Anti-slug benefit shows in cereal seed treatment

30 March 2001

Anti-slug benefit shows in cereal seed treatment

STRONG anecdotal evidence that a cereal aphicide seed treatment helps deter slugs has surfaced on the Kent farm of ACCS chairman Jonathan Tipples.

The difference between grain hollowing in winter wheat treated with straight Sibutol (bitertanol + fuberidazole) and a neighbouring field treated with Sibutol Secur, which includes imidacloprid insecticide, was remarkable, says Mr Tipples.

"Even to the untrained eye it was blindingly obvious." His observations, at Reed Court Farm, Marden, came after manufacturer Bayer approached him to sow Secur-treated Claire as part of an environmental monitoring exercise.

"We drilled a 30-acre field in late September and had ornithologists over from Germany for a week looking for things like bird carcasses. But we had also sowed 20 acres of Claire, treated just with Sibutol, the day before just over the road.

"Both fields had plenty of volunteer oilseed rape because it had been so wet and there were a lot of slugs about. Most of the volunteers were completely shredded."

Inevitably some grain remained on the surface and the absence of grain hollowing three days later in grains treated with Secur was very noticeable, says Mr Tipples. "It did not appear to kill the slugs – they just did not seem to like it and carried on shredding the rape."

By contrast most seeds on the surface of the smaller field were completely hollowed out.

"In cereals it is hollowing that is the real danger," he says. "We did not see any difference in slug grazing between the two fields."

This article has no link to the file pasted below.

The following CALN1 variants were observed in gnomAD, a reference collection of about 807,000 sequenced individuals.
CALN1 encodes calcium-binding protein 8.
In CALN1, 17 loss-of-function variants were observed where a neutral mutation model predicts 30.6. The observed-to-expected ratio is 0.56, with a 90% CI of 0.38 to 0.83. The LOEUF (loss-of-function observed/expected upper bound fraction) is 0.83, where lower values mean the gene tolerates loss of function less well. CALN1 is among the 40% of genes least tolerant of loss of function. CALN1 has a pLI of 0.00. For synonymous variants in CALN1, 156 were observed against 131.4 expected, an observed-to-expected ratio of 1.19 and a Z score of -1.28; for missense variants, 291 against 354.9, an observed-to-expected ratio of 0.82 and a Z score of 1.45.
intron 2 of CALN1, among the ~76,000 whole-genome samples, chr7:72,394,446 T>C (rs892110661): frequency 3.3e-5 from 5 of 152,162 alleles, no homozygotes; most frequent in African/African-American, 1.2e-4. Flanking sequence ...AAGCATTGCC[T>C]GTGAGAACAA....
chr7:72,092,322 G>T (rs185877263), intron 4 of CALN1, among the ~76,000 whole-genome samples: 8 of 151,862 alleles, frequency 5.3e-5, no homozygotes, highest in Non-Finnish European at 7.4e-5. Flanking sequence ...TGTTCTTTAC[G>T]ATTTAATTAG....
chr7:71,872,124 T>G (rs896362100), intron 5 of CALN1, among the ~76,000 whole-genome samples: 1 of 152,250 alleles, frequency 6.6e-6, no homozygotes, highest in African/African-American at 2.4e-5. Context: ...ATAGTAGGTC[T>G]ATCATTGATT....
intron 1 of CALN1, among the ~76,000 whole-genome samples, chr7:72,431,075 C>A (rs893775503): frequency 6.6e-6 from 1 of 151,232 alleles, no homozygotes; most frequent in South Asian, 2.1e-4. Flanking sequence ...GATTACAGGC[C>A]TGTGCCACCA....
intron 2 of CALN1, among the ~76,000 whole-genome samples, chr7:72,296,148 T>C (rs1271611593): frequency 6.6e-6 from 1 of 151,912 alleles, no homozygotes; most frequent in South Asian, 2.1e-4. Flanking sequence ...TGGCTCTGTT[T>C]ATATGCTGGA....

There was also no noticeable difference in emergence levels between them. But precautionary half-rate mini metaldehyde slug pellets were applied down the spout in both cases, he notes.

Until last autumns experience the relative cheapness of cypermethrin as an anti-BYDV spray meant the Secur option had not been considered. "We had not really looked at it because of the perceived cost. But I shall certainly be tempted to use it later in the season where emergence is slower, although I will have to check out its clearance. I know you cant use it on broadcast seed."

Imidacloprids ability to deter slugs was particularly important for cereals last autumn, notes Bayers Carole Ferguson. "The effect is useful because it works underground to stop slugs feeding. But Secur is not a slug killer and we must ensure farmers do not think it is.

"It has little effect on leaf shredding, and alone should not be relied on to wholly protect cereals from slugs." In known problem areas Draza (methiocarb) is recommended as back-up, she says. &#42


&#8226 Kent field comparison.

&#8226 Remarkable surface effect.

&#8226 Less hollowing with imidacloprid.

&#8226 Not a slug killer, stresses maker.

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